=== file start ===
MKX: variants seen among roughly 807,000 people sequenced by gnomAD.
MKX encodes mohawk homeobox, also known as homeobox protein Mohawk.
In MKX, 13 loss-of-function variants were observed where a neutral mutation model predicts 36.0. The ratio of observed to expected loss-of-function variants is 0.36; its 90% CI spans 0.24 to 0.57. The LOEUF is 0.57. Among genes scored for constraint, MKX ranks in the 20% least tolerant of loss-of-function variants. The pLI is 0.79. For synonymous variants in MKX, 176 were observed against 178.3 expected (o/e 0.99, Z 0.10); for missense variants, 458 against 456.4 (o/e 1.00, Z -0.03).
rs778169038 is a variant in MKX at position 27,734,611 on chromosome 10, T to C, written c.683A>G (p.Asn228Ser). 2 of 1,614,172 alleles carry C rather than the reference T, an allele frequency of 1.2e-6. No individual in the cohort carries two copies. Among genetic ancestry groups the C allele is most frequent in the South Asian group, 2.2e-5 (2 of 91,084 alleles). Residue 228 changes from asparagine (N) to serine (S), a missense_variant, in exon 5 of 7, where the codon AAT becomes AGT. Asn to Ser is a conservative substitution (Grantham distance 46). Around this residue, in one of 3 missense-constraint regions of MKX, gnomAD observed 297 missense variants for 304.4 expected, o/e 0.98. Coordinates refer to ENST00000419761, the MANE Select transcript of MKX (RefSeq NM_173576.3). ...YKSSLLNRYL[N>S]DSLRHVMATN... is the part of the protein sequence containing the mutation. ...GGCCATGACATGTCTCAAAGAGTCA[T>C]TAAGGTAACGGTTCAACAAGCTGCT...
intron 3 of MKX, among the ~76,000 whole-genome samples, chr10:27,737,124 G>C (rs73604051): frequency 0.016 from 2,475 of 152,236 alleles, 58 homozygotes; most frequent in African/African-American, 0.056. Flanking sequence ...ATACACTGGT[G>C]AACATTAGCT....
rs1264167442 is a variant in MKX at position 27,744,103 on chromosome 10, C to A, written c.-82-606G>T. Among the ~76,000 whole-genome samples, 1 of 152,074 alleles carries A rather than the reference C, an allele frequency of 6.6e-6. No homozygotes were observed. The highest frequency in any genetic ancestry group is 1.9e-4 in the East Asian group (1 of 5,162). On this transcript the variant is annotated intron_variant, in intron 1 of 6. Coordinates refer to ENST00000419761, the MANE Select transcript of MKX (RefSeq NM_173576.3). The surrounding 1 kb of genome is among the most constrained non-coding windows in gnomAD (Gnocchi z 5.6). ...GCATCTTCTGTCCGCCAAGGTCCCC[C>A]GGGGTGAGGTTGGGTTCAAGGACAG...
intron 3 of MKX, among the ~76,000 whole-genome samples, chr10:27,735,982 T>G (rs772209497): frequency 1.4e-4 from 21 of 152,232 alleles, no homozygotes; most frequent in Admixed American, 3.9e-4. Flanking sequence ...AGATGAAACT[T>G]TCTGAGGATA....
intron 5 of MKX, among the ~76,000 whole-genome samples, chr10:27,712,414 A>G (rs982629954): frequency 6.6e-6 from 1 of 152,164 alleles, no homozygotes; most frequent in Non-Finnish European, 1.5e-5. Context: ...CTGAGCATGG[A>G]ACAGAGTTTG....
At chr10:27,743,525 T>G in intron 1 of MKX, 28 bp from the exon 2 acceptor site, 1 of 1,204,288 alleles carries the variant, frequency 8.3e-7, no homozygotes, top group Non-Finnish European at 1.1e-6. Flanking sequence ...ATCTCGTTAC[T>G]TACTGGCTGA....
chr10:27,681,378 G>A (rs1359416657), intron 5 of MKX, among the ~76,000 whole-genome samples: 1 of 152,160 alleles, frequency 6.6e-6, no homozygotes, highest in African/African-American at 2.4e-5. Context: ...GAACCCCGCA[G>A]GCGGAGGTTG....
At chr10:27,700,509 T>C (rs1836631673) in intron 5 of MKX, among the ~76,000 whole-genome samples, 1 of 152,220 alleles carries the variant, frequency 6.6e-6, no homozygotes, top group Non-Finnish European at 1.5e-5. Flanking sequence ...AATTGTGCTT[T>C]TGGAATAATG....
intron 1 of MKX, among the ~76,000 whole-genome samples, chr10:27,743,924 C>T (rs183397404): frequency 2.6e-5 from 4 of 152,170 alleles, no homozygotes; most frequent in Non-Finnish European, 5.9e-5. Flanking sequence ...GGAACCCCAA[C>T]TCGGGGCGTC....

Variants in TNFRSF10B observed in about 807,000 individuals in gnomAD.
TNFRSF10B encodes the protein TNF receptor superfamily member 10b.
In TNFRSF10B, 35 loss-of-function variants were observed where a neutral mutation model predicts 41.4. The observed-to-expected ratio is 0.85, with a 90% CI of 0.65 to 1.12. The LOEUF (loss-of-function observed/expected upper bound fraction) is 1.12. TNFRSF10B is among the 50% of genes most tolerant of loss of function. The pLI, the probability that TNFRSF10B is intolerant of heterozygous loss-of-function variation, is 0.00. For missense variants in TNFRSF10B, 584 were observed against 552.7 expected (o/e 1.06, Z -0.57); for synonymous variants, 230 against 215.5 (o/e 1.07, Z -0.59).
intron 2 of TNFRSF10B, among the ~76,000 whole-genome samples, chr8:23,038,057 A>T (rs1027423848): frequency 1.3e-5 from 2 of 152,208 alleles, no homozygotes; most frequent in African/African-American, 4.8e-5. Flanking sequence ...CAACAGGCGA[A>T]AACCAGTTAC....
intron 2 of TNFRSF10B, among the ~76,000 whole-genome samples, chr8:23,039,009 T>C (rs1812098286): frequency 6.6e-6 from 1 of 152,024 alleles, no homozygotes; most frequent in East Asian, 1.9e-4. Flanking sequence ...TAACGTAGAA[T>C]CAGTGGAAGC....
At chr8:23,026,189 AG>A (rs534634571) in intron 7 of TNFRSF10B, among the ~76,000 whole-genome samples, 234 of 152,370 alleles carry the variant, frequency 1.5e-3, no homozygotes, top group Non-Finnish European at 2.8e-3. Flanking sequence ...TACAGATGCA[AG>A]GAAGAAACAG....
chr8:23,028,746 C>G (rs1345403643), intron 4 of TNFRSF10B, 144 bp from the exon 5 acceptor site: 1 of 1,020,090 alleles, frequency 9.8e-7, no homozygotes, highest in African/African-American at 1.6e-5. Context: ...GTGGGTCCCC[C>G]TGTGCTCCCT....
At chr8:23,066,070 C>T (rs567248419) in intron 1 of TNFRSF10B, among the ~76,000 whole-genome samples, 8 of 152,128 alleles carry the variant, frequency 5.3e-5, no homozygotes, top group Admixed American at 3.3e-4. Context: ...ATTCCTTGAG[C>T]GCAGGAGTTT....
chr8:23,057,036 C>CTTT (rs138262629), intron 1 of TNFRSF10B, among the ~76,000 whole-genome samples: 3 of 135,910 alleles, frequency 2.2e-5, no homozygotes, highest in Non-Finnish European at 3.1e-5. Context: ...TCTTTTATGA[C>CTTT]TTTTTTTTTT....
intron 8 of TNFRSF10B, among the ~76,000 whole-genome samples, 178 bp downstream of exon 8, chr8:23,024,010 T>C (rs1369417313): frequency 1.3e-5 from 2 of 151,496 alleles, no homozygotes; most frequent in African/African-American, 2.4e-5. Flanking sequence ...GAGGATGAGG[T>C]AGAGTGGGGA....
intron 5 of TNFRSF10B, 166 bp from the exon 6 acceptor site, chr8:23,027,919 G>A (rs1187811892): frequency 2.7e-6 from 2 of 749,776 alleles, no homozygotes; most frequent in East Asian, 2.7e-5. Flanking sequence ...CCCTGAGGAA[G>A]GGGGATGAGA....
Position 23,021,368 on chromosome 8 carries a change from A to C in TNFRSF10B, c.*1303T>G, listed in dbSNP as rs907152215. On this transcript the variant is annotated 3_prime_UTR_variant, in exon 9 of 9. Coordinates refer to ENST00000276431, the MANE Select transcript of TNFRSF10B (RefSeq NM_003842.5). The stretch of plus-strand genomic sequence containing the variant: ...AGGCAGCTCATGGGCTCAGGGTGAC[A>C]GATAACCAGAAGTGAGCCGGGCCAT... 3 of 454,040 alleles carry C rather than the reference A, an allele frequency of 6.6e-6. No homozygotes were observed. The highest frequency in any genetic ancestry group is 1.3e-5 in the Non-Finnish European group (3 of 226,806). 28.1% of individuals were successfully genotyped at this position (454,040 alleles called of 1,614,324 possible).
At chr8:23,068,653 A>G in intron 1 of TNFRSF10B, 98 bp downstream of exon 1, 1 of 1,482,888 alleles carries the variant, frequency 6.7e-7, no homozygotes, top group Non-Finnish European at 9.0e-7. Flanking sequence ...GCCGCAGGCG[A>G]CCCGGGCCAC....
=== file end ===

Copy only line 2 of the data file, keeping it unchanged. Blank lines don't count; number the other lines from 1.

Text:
MKX encodes mohawk homeobox, also known as homeobox protein Mohawk.